Interested in making egg soda at home? Follow this recipe: place two tablespoons of sweetened condensed milk and egg yolk in the bottom of a glass. Fill the glass with club soda and stir the mixture vigorously until combined. Pour the soda over ice and serve.
14 Alternate Between Heat And No Heat
This tip comes from the one and only international chef and restaurateur Gordon Ramsay. According to Ramsay, a great way to get the creamiest, richest scrambled eggs you have ever had is to do this: while cooking, remove the eggs from the heat and then place them back on the heat again every 20 to 30 seconds or so, until they are firm.
Here’s how he does it: He starts by adding cracked cold eggs and butter to a sauce pot and placing the pot on the stove over medium heat while stirring the eggs constantly. Then, he removes the pot from the burner, stirs the eggs while they’re off the heat for about 20 seconds, then puts them back on the burner for another 30 seconds. He repeats this process until the eggs are firm.
Lastly, Ramsay seasons the eggs with salt, pepper, and a teaspoon of cold crème fraîche (or fresh cream, in English) to prevent them from overcooking.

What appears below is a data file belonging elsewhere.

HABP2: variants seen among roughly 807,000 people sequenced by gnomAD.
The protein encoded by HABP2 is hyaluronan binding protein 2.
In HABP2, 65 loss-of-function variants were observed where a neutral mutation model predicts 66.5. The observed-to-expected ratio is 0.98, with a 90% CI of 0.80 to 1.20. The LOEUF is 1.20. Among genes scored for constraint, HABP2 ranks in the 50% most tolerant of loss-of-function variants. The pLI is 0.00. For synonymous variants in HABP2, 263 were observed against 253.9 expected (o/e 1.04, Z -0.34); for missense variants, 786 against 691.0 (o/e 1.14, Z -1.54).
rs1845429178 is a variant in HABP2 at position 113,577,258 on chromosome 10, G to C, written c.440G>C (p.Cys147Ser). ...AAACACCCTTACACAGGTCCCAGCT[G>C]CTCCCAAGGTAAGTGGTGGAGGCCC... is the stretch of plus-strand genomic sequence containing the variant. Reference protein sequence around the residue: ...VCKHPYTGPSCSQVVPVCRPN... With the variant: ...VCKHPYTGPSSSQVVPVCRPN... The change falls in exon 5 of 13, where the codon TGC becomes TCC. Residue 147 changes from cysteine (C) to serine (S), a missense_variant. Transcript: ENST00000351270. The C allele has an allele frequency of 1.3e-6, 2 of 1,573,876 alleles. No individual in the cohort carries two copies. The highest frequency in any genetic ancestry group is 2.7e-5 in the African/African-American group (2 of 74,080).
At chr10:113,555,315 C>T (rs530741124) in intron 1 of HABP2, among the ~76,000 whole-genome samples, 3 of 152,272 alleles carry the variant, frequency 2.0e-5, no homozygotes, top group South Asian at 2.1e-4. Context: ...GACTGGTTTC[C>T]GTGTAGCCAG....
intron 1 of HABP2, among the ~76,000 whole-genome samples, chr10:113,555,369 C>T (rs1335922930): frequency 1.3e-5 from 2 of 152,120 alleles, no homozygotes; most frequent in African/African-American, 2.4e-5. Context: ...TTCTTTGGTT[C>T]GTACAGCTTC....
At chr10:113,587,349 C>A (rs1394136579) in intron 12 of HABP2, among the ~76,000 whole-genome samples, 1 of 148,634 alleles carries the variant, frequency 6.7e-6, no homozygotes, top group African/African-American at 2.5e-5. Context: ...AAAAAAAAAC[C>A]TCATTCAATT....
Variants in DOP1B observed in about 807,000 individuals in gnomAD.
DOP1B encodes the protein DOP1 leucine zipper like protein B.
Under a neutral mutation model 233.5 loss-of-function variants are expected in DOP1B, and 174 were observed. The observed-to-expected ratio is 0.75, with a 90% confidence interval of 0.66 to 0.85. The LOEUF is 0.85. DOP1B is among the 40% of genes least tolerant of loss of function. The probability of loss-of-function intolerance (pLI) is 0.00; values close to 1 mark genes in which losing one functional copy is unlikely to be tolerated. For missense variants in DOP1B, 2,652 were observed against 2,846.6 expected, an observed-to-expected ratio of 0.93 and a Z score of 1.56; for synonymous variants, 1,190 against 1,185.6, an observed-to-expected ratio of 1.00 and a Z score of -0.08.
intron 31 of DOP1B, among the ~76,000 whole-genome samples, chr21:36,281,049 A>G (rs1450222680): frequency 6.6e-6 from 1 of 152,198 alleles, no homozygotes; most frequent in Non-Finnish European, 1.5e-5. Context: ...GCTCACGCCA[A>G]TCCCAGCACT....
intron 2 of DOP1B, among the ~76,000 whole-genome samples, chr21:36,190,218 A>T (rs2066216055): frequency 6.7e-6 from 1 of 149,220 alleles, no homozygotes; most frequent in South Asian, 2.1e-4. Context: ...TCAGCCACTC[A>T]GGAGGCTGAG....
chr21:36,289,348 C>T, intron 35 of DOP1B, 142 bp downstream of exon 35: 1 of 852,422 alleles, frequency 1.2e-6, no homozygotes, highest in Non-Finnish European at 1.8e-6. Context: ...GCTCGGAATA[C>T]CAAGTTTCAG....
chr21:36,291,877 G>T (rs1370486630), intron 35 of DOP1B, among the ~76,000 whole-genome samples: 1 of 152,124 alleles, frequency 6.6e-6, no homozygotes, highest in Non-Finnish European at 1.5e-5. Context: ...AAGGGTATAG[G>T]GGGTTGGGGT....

15 Bake Them On A Wet Towel
If the heading above has left you bamboozled, you’re not alone. Though it may seem strange, baking eggs on a wet towel is a good alternative to hard-boiling them on top of the stove. It’s also perfect for preparing a lot of hard-cooked eggs at one time, especially if you need boiled eggs for Easter or deviled eggs for a get-together.
The idea comes from a cook named Alton Brown. According to Brown, the wet towel protects the eggs from browning on the oven’s grates while simultaneously creating creamy hard-cooked eggs.
All you need to do is wet a basic kitchen towel so that it’s damp, lay the towel on the center rack of the oven, and line up the eggs on top of the towel, being careful to make sure none of them are touching each other.
Then, you bake the eggs at 320° F for 30 minutes, and remove them from the oven by grabbing the four corners of the towel to create a cradle for the eggs. Lastly, transfer the eggs to an ice bath to allow them to cool before handling them.
16 Remove Them From The Heat Right Before They’re Done